Colleen is one of those writers, poets, editors, and bloggers that makes me wonder where she finds time to sleep. Her poetry blog is ranked among the top ten at RankedBlogs.com!

Wordcraft Poetry is how I know her best. “Colleen created Word Craft Poetry as an uplifting community where poets can learn the basics of writing Japanese and American syllabic poetry by sharing their own poetic inspiration within a weekly poetry challenge.” It’s super fun to learn about the forms and participate in Colleen’s Tanka Tuesday challenges. And that’s only the tip of the iceberg when it comes to what she offers. Check out her site for book recommendations and flash fiction too.

I’ve read all of her books as well as the anthologies that she’s created with her Tanka Tuesday participants. Her work includes poetry, short stories, a YA novel, and a “must have” book for poets wishing to craft syllabic poetry, which I’ll share here:

Word Craft: Prose & Poetry: The Art of Crafting Syllabic Poetry by Colleen Chesebro

My Review: This book is a must-have for writers of syllabic poetry. Chesebro has the experience and credentials to have crafted this easy-to-follow and detailed look at twelve forms of Japanese and American syllabic poetry, as well as their variations. Styles range from the well-known haiku and tanka to the less familiar gogyohka and etheree. Though written for poets beginning their exploration of these beautiful forms, I learned quite a lot (and I’ve been writing several of the forms for years).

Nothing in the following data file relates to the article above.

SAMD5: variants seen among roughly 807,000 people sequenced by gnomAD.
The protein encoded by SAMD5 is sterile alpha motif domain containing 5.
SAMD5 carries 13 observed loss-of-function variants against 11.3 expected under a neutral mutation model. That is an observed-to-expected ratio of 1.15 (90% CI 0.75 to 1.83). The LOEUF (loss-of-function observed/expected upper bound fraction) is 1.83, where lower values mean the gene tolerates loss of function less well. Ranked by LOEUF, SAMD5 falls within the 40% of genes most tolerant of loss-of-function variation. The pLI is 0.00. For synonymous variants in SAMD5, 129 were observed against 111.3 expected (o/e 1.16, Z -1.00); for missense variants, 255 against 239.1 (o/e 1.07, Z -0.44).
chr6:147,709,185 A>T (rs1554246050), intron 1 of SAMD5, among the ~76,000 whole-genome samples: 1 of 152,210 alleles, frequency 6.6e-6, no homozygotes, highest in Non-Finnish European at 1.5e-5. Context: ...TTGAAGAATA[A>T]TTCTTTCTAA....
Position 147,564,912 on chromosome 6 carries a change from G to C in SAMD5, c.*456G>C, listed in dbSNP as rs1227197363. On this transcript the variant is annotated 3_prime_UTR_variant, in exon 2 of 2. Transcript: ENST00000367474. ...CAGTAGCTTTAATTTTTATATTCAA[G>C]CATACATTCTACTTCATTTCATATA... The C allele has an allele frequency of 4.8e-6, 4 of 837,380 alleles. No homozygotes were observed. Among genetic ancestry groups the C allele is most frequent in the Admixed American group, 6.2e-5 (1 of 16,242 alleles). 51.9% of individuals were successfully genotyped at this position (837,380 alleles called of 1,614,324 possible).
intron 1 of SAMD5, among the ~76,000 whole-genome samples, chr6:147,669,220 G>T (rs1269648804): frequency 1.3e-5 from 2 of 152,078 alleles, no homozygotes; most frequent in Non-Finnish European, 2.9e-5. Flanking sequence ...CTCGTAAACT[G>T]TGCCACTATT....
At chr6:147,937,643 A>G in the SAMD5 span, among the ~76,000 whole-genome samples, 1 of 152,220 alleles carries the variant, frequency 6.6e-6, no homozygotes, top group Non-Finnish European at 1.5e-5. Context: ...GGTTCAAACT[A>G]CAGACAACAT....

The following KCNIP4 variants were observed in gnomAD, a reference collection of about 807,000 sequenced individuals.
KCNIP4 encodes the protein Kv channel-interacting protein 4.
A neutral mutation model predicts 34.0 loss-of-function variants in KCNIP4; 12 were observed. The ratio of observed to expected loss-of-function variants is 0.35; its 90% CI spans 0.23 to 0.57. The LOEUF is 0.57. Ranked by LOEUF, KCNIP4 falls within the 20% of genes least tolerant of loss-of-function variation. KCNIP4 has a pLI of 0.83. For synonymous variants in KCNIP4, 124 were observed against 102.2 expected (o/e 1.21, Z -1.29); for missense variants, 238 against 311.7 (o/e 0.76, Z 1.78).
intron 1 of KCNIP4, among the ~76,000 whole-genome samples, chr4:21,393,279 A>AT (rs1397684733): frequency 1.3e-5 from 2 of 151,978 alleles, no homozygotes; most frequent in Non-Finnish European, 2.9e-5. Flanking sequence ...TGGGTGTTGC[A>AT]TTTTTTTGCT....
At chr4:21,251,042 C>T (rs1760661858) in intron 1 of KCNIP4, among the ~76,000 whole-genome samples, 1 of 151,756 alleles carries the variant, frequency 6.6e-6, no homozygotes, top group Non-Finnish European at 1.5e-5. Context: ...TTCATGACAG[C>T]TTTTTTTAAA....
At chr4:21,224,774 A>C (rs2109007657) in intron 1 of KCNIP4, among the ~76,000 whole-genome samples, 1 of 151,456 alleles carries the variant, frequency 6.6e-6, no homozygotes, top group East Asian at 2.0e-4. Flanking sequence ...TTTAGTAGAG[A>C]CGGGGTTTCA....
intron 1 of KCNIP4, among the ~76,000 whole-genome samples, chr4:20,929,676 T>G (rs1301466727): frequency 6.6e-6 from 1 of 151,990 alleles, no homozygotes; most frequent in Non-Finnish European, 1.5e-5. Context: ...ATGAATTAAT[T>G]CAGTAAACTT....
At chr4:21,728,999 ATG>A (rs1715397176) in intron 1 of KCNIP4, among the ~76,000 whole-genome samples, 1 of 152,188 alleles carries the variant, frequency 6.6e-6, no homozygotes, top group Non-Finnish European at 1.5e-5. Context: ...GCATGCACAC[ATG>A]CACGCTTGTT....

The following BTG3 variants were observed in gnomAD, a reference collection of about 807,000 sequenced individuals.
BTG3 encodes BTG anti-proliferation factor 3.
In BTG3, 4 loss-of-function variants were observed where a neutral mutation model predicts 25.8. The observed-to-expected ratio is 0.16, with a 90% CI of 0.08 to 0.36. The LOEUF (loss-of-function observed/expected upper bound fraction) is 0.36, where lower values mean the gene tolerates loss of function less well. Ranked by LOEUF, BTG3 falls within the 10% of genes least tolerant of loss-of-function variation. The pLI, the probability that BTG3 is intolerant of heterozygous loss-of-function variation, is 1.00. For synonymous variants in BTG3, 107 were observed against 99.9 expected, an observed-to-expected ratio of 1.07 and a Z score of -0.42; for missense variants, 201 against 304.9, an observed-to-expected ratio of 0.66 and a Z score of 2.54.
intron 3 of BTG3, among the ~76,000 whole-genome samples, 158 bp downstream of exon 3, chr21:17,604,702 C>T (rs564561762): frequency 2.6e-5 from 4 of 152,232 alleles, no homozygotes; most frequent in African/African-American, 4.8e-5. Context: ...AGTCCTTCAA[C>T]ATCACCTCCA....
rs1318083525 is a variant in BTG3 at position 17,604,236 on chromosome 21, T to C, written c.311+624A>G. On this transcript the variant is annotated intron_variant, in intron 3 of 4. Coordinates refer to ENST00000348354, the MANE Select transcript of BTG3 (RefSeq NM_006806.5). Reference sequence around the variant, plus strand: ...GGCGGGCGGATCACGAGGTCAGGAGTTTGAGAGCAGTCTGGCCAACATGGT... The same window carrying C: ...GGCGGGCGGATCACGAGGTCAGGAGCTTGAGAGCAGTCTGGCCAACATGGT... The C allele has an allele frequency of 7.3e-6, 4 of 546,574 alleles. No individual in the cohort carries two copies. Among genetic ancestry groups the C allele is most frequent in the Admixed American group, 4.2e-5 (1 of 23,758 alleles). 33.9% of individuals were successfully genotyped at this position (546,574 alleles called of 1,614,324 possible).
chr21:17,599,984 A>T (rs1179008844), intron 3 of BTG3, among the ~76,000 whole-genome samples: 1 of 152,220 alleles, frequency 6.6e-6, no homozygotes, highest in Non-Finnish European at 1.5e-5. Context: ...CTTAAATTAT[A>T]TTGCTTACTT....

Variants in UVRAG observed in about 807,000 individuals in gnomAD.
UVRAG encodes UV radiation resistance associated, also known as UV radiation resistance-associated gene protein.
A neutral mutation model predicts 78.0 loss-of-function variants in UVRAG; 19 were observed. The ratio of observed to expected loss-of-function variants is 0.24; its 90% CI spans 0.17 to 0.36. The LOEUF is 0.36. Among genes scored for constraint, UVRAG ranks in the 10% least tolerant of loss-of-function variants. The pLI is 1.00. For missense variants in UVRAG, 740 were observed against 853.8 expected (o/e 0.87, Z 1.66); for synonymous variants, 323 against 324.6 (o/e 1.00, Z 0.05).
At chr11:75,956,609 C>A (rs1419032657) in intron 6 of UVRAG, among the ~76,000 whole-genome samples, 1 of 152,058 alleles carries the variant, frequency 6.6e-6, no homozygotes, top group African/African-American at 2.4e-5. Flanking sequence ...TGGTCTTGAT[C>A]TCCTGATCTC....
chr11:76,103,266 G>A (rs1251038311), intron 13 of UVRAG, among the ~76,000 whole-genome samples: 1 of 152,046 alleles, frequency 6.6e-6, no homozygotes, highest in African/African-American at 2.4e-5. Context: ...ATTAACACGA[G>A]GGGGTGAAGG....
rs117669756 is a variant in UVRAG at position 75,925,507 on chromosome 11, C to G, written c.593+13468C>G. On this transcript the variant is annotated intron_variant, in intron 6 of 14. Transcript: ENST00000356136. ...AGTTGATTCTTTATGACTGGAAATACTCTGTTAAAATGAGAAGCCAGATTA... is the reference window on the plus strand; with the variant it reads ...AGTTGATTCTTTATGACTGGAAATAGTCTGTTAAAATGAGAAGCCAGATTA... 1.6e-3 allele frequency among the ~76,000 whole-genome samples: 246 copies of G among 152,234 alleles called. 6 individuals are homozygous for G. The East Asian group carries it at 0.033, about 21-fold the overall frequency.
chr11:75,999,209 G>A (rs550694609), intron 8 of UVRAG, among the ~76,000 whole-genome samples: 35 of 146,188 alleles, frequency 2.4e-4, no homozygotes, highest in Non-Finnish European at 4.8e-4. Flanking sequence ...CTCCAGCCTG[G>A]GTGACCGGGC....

Chesebro’s explanations not only include the technical aspects of each poetic form, but a quick history, the style’s creative intent, and tips for finding inspiration and for writing. These aspects of each poetic form are conveyed in a concise manner, and each section is followed by examples of her poetry and the poetry of authors I’ve enjoyed for years. The poems not only illustrate the preceding lesson but are beautiful in their own right.

The quality of this book and its citations make it useful as a “textbook” on the craft of writing syllabic poetry, appropriate for academic settings. Chesebro’s conversational style, easy-to-understand explanations, and poetic selections also make it accessible to a wide range of learners. The book’s format lends itself to lesson planning for young poets.

Highly recommended to poets who are just starting out or who’ve been writing for years. An excellent learning tool filled with wonderful examples of the forms.

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If you have a chance, head on over to join The Necromancer’s Daughter at Colleen’s blog: Wordcraft Poetry.